Oil prices climbed toward $51 per barrel on Wednesday as optimism that the U.S. recession was easing boosted markets and raised expectations of a rebound in energy demand from the world's largest consumer.

A U.S. government report showing a sharp decline in gasoline stockpiles last week added to oil's gains, sparking concern that inventories could be tight once peak summer driving demand kicks in.

U.S. crude oil for June delivery rose $1.05 to settle at $50.97 a barrel. London Brent crude rose 79 cents to settle at $50.78 a barrel.

The gains came amid a rise of about 3 percent in U.S. stock markets <.DJI><.SPX> tied to hopes the recession may be abating, even as a report showed a dismal 6.1 percent contraction in the U.S. economy in the first three months of the year.

The U.S. Federal Reserve said Wednesday the pace of deterioration in the U.S. economy appeared to be slowing.

Analysts said the oil market also found support from a U.S. Energy Information Administration report showing a surprise 4.7-million-barrel decline in nationwide gasoline inventories that eliminated a supply surplus heading into peak driving season.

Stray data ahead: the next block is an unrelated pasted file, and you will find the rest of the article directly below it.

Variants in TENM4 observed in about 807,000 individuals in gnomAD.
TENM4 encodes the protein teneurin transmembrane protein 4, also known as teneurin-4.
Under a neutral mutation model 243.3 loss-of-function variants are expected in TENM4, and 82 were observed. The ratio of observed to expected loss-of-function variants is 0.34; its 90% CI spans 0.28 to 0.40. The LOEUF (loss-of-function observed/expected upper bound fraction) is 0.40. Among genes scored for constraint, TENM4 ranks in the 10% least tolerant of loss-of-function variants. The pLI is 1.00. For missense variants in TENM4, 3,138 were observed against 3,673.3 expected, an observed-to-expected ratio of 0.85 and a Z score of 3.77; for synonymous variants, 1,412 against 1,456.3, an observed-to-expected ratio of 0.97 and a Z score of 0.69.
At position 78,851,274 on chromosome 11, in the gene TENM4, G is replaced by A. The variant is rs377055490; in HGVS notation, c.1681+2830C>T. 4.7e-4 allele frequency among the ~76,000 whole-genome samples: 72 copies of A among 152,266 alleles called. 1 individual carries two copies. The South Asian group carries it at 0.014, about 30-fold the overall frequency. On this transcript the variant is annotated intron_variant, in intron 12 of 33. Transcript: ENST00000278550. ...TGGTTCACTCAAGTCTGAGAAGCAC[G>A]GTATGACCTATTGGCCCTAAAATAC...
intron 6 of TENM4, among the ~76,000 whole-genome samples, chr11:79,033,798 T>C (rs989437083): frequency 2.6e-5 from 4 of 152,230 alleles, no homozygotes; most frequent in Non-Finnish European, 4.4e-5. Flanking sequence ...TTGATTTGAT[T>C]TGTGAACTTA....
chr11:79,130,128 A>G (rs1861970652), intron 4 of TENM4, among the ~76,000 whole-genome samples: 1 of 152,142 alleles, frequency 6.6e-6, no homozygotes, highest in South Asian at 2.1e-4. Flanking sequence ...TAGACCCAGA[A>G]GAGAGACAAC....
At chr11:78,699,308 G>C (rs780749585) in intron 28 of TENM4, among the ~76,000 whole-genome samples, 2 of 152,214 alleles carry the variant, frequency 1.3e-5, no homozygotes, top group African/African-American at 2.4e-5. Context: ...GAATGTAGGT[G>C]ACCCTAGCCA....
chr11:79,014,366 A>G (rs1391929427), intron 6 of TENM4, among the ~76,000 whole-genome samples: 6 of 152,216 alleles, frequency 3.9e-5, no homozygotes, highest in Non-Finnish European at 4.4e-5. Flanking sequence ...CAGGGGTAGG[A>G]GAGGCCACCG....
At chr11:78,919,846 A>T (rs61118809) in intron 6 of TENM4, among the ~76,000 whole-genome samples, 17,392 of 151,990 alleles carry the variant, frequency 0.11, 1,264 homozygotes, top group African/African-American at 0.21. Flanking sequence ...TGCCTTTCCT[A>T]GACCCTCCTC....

I think the gasoline draw is what caught everybody's eye. Nobody expected a draw of that magnitude, said Addison Armstrong, director of market research at Tradition Energy in Stamford, Connecticut.

The EIA's weekly report also showed a 4.1-million-barrel increase in crude oil stockpiles last week, bringing inventories to a fresh 19-year high.

The gradual global spread of swine flu, with the first U.S. death confirmed from the H1N1 strain, also failed to dent the oil market Wednesday -- though prices for jet fuel were generally lower on concerns about the impact the health emergency would have on air travel.

We have had a high correlation between stock markets and oil over the last few weeks and when equities go up, so do oil and other commodities, said Frank Schallenberger, head of commodities research at Landesbank in Stuttgart.


Oil prices remain about $100 below peaks hit last July as the global economic downturn shrank global energy consumption levels for the first time in a quarter century.

Royal Dutch Shell Chief Financial Officer Peter Voser said oil prices were unlikely to rise significantly in the next 12 to 18 months because of the economic weakness.

It will take time for the economy to recover, and hence the oil and gas price will be affected by that, Voser said.

A Reuters' poll of 11 analysts, banks and industry groups forecast world oil demand would fall this year by much more than previously expected, as growth stalls in emerging powerhouses China and India and fuel consumption declines in the developed world.

The poll showed oil use declining by an average of 1.56 million barrels per day (bpd) in 2009 to 84.10 million bpd. Estimates see oil growth reemerging in 2010.

(Reporting by Richard Valdmanis; Editing by David Gregorio)